WinFS is no more. The wonderful icing on the file-system cake that would unify all Windows data types in one superior, searchable, magical way has been canned. Ten years of promise have been wrapped up with various bits hived off to existing projects — but WinFS as a concept has gone.
There are layers of irony here too deep to mine without breathing apparatus. The biggest problem — and the biggest opportunity — in the world of IT is finding the right data in the right time. Some of the most exciting ideas online are to do with data, metadata and the tools to handle them: when Tim Berners-Lee uses a public forum to ask Frank Mantek of Google to implement a SPARQL interface, take note. This may not be the right answer, but it's answering the right questions.
Unlike WinFS. What was the point of a database-cum-filing system that would not scale, and what was the point of making it scale if it were then to come into direct conflict with SQL Server? And how can you put a sensible user interface on a filing system that relies on user-generated metadata when so many users are barely comfortable with the idea of files in the first place? And who's going to get excited about a closed, proprietary filing system that's going to take hard work and NDAs to plug into anything else?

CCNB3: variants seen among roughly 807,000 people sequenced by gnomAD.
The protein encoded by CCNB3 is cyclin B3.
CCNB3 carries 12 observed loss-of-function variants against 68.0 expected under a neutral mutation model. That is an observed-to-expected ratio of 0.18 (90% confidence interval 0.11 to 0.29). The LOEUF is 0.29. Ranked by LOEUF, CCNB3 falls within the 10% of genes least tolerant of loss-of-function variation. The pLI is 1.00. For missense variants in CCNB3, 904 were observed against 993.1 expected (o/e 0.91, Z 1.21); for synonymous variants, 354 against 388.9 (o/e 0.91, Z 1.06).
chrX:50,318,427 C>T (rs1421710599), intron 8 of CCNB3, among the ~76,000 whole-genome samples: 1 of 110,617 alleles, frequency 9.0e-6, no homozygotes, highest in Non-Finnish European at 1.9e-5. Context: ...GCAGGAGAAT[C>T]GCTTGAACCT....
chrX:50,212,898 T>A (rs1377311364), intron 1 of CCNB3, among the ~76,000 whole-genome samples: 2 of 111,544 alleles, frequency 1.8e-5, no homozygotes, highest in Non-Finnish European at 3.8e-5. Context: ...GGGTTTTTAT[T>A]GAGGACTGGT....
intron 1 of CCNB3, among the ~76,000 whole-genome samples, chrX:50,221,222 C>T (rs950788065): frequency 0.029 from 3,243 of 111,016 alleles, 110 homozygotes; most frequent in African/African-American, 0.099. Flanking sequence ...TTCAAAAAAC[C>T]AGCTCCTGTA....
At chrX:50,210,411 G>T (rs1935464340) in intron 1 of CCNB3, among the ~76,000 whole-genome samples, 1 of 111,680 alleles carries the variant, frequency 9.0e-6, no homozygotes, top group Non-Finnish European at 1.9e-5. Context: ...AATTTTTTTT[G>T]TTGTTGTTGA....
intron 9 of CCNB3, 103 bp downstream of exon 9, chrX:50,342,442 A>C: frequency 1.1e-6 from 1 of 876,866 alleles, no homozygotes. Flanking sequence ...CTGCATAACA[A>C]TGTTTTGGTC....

And then there's the manner of WinFS's passing. Is it dead? "Yes and no", says the WinFS team blog — which, as even the rawest marketing recruit knows, decodes to "Yes, yes, dear God yes". In 2004, it was one of the three pillars of Longhorn. Two years later, it's not even a dirt-track off the road map, but if you take that blog posting at face value it's just a natural part of the product's evolution. "It represents a change to our original delivery strategy, but it's a change that we think that you'll like based on the feedback that we've received."
Microsoft got it wrong. It took people's money on that basis — how much of the Software Assurance pitch from two years ago stands up now? — and now it's saying that all is well. Apart from that, Mrs Lincoln, how did you like the play?
If Microsoft is going to communicate major strategic changes through a marketing filter that tries to minimise their importance, then people will believe the worst, and rightly so. Whatever the solution is to the company's present malaise, it won't find it in the wrong sort of search — or the wrong sort of answer.